Object approaching another object
The red sphere represents an object. The “canopy” represent the light body. Every atom in the universe, regardless of the element, has a light body that stretches out in all directions away from the atom. In addition, the light body is bent downwards and intersects the surface thus creating a circle of intersection, also known as horizon line. Our entire perspective and the way we visualize reality is based on the principle of interaction between light bodies.
The eyes of the observer, like all objects, have a light body. The following image illustrates two observers represented by a blue ball and a red ball. The circle of intersection between the light body and the surface is perceived as the horizon line. At this point, both observers do not see each other, as their light bodies are not intersecting. Everything within the light body of the observers is perceived in front of the horizon line, while everything outside of the light body is perceived behind the horizon line. The area marked by the circle of intersection represents the circle of sight.
The blue ball continues to approach the red ball. At some point, the light body of the blue ball intersects the light body of the red ball. As soon as their light bodies intersect, the blue ball appears on the horizon of the red ball, but is still perceived behind the horizon line, as it has not yet crossed the circle of intersection of the red ball. The blue ball appears top first on the horizon and appears to be ascending as he continues to approach. Both, the red and the blue ball visualize each other behind their horizon line.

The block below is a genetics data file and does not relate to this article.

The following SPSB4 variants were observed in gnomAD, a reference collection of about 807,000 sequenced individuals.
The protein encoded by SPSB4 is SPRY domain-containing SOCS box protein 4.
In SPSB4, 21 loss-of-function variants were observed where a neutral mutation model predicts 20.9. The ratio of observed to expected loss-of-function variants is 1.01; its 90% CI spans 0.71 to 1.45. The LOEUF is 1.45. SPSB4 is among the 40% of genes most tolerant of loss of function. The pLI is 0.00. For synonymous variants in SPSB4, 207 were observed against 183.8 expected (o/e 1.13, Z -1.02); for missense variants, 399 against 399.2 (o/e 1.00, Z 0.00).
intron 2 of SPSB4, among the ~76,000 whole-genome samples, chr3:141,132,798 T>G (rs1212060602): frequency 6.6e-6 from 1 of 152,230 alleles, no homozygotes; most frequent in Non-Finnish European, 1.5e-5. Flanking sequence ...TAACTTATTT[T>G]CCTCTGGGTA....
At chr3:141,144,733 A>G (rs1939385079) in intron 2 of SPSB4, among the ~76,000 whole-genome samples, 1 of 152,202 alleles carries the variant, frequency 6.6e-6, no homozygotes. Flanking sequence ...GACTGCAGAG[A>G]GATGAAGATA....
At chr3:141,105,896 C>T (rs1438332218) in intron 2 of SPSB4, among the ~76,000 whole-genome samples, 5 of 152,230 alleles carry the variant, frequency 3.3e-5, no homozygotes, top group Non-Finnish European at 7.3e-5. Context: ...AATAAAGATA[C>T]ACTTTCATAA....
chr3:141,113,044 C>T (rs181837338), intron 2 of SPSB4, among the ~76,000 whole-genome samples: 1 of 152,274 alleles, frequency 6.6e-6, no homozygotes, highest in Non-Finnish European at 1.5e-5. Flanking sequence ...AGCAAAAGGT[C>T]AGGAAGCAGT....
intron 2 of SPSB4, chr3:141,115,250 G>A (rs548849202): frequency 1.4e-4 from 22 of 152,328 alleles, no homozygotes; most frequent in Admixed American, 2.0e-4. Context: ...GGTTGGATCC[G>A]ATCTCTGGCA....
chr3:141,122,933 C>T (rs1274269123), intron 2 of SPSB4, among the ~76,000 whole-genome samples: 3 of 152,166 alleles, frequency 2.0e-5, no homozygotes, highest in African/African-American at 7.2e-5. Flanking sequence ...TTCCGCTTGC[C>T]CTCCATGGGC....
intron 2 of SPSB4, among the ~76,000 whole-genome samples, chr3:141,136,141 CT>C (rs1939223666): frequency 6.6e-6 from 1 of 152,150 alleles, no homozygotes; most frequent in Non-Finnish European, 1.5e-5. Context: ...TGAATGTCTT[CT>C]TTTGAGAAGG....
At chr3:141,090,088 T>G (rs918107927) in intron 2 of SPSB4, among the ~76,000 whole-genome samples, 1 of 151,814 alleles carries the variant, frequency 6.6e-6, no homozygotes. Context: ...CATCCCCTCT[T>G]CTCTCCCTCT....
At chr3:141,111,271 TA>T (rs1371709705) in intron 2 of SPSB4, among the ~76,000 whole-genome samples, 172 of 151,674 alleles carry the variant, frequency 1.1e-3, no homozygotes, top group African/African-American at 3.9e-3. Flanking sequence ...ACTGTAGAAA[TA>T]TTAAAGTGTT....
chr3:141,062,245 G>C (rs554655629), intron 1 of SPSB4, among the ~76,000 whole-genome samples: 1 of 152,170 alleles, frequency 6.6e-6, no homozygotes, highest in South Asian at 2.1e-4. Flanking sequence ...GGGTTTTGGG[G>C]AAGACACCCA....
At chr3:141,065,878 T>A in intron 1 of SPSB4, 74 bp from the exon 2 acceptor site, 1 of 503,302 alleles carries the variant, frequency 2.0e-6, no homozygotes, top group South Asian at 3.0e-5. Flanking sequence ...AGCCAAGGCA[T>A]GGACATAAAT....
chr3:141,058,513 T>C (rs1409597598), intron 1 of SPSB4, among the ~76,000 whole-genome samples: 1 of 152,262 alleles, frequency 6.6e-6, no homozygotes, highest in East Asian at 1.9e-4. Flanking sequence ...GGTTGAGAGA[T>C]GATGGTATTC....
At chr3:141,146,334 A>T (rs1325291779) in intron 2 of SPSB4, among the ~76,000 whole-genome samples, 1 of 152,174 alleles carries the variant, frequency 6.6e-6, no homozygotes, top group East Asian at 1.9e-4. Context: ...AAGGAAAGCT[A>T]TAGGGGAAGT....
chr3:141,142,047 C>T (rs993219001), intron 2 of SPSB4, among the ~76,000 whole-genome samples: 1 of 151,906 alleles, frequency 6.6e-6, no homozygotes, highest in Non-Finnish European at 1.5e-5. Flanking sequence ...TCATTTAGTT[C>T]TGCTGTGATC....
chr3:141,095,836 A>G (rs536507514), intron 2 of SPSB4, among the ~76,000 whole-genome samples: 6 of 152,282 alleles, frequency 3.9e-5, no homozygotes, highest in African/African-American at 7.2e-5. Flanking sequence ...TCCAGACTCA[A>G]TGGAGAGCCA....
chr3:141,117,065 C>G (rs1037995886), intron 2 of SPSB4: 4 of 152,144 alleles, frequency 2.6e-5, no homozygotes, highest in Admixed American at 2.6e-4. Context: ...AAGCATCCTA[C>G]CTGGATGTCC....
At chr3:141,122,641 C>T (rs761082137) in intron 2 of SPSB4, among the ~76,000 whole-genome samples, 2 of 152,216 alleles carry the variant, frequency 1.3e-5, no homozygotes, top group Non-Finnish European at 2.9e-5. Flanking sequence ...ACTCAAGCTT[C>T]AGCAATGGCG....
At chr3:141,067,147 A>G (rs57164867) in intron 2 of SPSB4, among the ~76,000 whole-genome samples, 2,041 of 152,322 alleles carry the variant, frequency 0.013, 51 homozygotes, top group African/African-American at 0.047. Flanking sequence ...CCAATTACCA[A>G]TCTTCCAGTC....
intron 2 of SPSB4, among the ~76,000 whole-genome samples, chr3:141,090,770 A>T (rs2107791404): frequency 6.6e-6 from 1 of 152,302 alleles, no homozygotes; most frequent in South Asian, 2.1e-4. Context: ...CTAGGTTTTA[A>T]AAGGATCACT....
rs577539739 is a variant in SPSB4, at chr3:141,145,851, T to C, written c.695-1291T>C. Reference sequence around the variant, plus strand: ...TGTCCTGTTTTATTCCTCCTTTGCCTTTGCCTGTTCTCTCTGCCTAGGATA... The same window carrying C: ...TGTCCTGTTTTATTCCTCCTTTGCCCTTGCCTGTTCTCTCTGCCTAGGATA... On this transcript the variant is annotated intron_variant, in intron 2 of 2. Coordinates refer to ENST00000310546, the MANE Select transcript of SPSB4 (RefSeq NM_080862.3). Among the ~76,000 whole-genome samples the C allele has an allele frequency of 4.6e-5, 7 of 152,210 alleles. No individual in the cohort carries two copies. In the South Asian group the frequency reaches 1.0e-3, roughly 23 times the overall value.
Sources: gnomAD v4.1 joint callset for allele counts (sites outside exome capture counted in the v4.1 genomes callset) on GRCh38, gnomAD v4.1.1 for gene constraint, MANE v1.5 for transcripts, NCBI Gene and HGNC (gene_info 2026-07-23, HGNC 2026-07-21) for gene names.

As the blue ball continues to approach, he crosses the circle of intersection, or the horizon line, of the red ball and enters the circle of sight of the red ball. At this point, the blue ball is entirely visible, from top to bottom. Both balls are same altitude and their circles of sight have the same circumference. As the blue ball crosses the circle of sight of the red ball, the red ball also enters the circle of sight of the blue ball and becomes entirely visible for the blue ball. At this point, both are within each others' circle of sight and are fully visible to each other.
The two spheres visualize each other from close distance.
The two spheres align and their circles of sight overlap.
The blue sphere moves on. From the perspective of the red sphere, the blue sphere appears to be descending in a straight line, towards the horizon line, but remains entirely visible as long as it is within the circle of sight of the red sphere.
As the blue sphere continues his motion, he crosses the circle of sight of the red sphere and begins to dip below horizon, bottom first, but remains visible as long as their light bodies are intersecting.
The circle of sight of the blue sphere is almost completely disconnected from the circle of sight of the red ball. At this point, the upper part of the blue sphere is still visible, while the lower part has “disappeared” below the horizon line of the red ball.
As the circles of sight disconnect, the two observers entirely “disappear “ from each others' field of view. The red ball is now entirely below the horizon line of the blue ball and vice versa.